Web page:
Edited by Alastair Christie.
ISBN 0 333 69083 4
This book explores the contentious issue of man’s
consciousness in a woman’s world. It analyses the social and
political realities influencing men as caregivers and as
careseekers in the context of social work. It provides a
theoretical overview of gendered approaches to welfare and
addresses practice issues concerning men as professionals and as
service users in child care, community care, probation, mental
health and social work education.
The book makes overt the ambivalent and contradictory attitudes
to masculinity that influence social policy and social work and
makes practical recommendations that encourage reflexivity.
It is timely in relation to the public debate on the risk to
children from male caregivers and broadens the discussion of sexual
violence to the whole position of men in social welfare. Feminism
and gay work are acknowledged as the starting point of a critique
of dominant forms of sexuality, although I think the
marginalisation of feminism in social work tends to be
underestimated. Most of the contributors, who include two women,
touch on where the personal, the professional and the political
meet in their own work. They succeed in holding together the
complex and fragmented nature of the discourse regarding social
welfare and put forward a vision for change.
The book recognises that the crisis of masculinity which it
explores is related to a crisis of capitalism, no longer
necessarily served by existing forms of patriarchy. While I agree
that this crisis provides an opportunity to reshape the discourse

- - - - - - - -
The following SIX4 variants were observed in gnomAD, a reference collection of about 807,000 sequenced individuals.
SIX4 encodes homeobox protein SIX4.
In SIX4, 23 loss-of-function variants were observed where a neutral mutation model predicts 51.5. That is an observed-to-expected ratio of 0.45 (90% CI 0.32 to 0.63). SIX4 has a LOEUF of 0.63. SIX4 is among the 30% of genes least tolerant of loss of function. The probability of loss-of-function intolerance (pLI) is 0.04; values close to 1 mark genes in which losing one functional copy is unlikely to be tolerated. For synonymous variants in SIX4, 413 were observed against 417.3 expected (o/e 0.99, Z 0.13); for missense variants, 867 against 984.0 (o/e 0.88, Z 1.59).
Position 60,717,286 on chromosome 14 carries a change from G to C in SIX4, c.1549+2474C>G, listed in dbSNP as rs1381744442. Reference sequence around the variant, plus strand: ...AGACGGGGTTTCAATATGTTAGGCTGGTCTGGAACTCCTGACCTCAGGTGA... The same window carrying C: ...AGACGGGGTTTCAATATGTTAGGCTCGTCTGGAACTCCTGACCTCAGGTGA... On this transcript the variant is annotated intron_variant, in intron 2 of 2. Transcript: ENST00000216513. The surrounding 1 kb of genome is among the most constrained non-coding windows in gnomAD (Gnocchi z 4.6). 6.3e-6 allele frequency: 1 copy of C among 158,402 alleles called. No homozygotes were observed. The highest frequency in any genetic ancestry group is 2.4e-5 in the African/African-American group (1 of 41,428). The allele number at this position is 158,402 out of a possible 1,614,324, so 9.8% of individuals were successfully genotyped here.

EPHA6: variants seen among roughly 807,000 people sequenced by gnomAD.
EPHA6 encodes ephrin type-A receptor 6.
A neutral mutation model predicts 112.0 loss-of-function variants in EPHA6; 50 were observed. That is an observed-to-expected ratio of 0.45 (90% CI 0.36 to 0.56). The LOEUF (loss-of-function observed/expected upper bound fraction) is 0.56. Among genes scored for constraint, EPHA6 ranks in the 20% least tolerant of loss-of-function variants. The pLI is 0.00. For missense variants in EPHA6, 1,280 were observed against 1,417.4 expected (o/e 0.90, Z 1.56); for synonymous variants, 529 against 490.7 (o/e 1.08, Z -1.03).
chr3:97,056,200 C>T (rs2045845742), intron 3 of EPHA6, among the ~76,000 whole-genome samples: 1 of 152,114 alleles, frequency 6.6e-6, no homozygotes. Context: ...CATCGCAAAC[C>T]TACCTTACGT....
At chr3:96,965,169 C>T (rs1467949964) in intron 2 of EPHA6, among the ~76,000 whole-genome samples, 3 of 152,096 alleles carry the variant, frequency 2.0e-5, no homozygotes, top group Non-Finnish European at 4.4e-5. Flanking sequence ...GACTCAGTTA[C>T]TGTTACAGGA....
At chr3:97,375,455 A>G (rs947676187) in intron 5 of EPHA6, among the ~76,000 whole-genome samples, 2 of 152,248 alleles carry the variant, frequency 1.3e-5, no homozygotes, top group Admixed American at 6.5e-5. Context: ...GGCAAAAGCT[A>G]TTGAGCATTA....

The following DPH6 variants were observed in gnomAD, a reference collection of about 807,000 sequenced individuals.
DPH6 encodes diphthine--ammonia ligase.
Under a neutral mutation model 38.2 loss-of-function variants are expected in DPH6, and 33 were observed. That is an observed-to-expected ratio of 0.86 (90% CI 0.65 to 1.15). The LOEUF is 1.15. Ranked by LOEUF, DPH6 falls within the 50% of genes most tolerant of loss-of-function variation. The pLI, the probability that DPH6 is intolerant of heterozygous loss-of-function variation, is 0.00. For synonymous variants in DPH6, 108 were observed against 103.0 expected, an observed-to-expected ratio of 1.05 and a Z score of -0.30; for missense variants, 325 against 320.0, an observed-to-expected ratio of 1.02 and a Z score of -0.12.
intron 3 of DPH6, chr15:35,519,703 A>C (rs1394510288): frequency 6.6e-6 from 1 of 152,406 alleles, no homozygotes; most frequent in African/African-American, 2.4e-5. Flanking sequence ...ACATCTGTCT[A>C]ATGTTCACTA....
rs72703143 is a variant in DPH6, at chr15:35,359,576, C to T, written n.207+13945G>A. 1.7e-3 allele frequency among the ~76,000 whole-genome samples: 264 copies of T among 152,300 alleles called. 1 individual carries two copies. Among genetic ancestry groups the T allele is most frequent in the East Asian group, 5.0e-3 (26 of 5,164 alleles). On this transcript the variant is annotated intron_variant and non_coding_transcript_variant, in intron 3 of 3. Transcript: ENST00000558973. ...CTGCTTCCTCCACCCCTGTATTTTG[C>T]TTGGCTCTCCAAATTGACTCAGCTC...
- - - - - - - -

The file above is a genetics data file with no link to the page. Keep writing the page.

and that the development of less oppressive forms of masculinity is
a desirable goal, the book’s case for change is essentially
I was not convinced that male dominance and male violence can be
deconstructed through applying critical attention to masculinity at
an individual or organisational level. I thought that the authors
needed to go further in exploring the role of capitalism in
determining gendered power relations, its capacity to incorporate
and contain challenges to oppression and ways in which its
late-modernity needs might be served by a shift in “macho culture”,
for example, to enable more men to enter welfare and service
industries in response to changing employment patterns.
A wide range of professionals will find something of interest in
this book. It is a well written and well-researched resource which
will stimulate thinking about the deconstruction of masculinity and
ways of developing anti-oppressive practice. Male professionals
will find practical points to challenge and explore their own role
and both male and female students, practitioners and trainers will
be enabled to engage creatively with assumptions about masculinity
affecting social work education and service delivery.
Sue Richardson is an attachment-based psychotherapist,
an author and a trainer.